Magazine article Washington Report on Middle East Affairs

Jews and Israel

Magazine article Washington Report on Middle East Affairs

Jews and Israel

Article excerpt


U.S. Jews Welcome Rabin Victory

Most Jewish American leaders rejoiced at the victory of the Labor Party and Yitzhak Rabin over the Likud and Prime Minister Yitzhak Shamir.

Henry Siegman, executive director of the American Jewish Congress, wrote to The New York Times that "the stunning victory by the Labor Party should be understood as a reaffirmation by Israelis of their genuine commitment to the peace process and a rejection of narrow ideological goals." He suggested that Shamir's post-election statement that he had intended to stall the peace process for 10 years should cause American Jews who were critical of the Bush administration to reconsider.

"In Yitzhak Rabin," Siegman wrote, "the Israelis have a leader who will not always agree with the United States. But he is a man of candor both committed to speedy resolution of Israel's differences with the Palestinians and with its Arab neighbors, and determined not to compromise Israel's security.

"The Bush administration," Siegman continued, "has a golden opportunity to reaffirm the solidity of its support for Israel by acting promptly to make available to Israel's new government the loan guarantees Israel so desperately needs to absorb nearly half a million immigrants from the former Soviet Union and Ethiopia. Mr. Rabin's unambiguous commitment to put an immediate end to political settlements assures the integrity of Israel's role in the peace negotiations."

Thomas R. Smerling, executive director of Project Nishma, said the Labor victory brought "an immense, audible sigh of relief in almost the entire American Jewish community. Because Rabin supports the principle of territorial compromise, the chances for a solution to the conflict go from almost inconceivable to very difficult. He is a tough, pragmatic military man who will give no unnecessary ground to the Arabs and won't compromise on Israel's security issues, but lacks the ideologically rigid commitment of Shamir to Eretz Israel."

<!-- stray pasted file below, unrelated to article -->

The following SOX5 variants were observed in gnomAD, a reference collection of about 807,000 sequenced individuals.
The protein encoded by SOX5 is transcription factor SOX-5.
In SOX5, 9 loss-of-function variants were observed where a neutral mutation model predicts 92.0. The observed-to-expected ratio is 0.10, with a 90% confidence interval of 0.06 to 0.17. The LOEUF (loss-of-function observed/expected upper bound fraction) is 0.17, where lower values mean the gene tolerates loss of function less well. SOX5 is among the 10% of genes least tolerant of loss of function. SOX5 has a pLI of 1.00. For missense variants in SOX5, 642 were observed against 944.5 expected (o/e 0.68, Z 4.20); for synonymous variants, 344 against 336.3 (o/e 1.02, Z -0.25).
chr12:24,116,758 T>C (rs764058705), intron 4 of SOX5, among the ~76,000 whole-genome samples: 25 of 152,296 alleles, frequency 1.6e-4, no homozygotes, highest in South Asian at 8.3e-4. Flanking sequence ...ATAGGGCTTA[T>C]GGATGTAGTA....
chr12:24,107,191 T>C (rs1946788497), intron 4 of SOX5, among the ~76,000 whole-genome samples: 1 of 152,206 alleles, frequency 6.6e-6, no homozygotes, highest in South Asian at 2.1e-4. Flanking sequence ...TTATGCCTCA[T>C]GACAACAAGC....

Hyman Bookbinder of the American Jewish Committee said, "Rabin's promise of an autonomy agreement with the Palestinians within nine months is one of the best things to come out of the election."

Stuart Eizenstat, who served as a domestic adviser to President Jimmy Carter, expects better U.S.-Israeli relations. "Because of [Rabin's] settlements policy," Eizenstat said, "there is no question about the loan guarantees now. They'll go through."

The American Israel Public Affairs Committee (AIPAC), through its executive director Thomas A. Dine, also expressed optimism. "With the Israeli election...U.S.-Israel relations are already reinvigorated, and I expect over the next several months to see the relationship further strengthened and broadened."

About the time Dine was saying that, the Israeli Labor-linked newspaper Davar was calling for his resignation. According to the Forward, the wing of the party headed by Shimon Peres has been critical of AIPAC for its perceived support of Likud. Peres has apparently not forgiven AIPAC for its alleged interference in a 1985 agreement between Peres, then prime minister, and Jordan regarding a U.S. arms sale to Jordan. Shamir opposed the arms deal. In addition, the Forward reported that a top Jewish American leader said that Rabin holds a grudge against AIPAC for interfering in a 1986 arms agreement he worked out with the Reagan administration.

Dine is not the only Jewish American leader whose ouster is being sought by an Israeli newspaper. Ha'aretz, another liberal daily, called for the resignation of Malcolm Hoenlein, executive director of the Conference of Presidents of Major American Jewish Organizations. …

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